3 Nighttime Dental Tips
When it comes to protecting your mouth, teeth and gums, brushing and regular visits to the dentist are a great start. However, they should not be your only approaches. There are several other things you can do to protect your smile, especially at night. Learn about some of the best nighttime practices that can keep your mouth healthier.
1. Stop After Brushing
When you brush before bed, you want to make sure you are finished eating and drinking — even water. When you eat or drink, especially sugary foods or drinks, you only add more food particles in your mouth, which could increase your risk of tooth decay.
In terms of water, certain toothpaste and mouthwashes recommend that you not eat or drink for a specific amount of time to maximize the benefit of the solution. Whatever you eat or drink after you brush, you are basically canceling any benefit that you had hoped brushing would have extended to you. Don't brush until you know you're done for the evening.
2. Remember to Floss
Ideally, you want to floss throughout the day, but if you forget to do so early in the day, at the very least, you should floss your teeth before bed. When you eat throughout the day, food particles get lodged in between your teeth. The longer these particles get to stay inside your mouth, the greater your risk for tooth decay and gum disease.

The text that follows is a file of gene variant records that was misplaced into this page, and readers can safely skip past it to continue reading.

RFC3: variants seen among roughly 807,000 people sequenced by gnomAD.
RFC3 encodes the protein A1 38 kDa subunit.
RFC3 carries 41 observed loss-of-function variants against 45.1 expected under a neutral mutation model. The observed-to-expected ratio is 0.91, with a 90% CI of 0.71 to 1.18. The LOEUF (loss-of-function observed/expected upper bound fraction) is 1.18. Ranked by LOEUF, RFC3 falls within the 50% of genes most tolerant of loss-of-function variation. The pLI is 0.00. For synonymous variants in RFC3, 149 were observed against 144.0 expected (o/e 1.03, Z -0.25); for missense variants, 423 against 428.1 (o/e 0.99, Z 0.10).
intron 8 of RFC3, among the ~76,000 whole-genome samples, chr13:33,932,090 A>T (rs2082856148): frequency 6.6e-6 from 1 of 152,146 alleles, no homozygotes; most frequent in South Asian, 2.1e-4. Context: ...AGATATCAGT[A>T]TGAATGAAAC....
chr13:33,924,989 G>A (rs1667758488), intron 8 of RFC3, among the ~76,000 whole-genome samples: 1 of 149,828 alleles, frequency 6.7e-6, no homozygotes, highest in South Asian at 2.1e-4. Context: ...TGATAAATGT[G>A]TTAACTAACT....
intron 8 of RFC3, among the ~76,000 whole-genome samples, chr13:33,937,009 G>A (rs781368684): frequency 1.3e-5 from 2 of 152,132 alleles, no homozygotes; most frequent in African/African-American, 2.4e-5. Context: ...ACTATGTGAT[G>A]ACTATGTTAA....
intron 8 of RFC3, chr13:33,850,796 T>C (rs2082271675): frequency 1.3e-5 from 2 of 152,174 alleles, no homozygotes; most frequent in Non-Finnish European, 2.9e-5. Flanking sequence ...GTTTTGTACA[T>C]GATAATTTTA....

When you go to bed without flossing, the process is basically the same as you going to bed with all the food you ate from the day still inside your mouth.
3. Monitor Grinding
Do you suspect you grind your teeth at night? If your partner tells you that they hear your teeth clenching or you wake up with unexplained headaches in the morning, tooth grinding could be to blame. Teeth grinding, formally known as bruxism, can lead to tooth sensitivity and damage your tooth's structure. You need to talk to your provider about treatment options for the condition, such as a mouth guard.
Bruxism can occur for a variety of different reasons, including stress. But it can also be the result of an underlying medical concern. So, even if your oral health is not affected by the issue, you should still seek treatment.
The more effort you put into protecting your teeth at night, the better. Speak to your dentist to learn about dental care and some additional steps you can take to protect your teeth at night.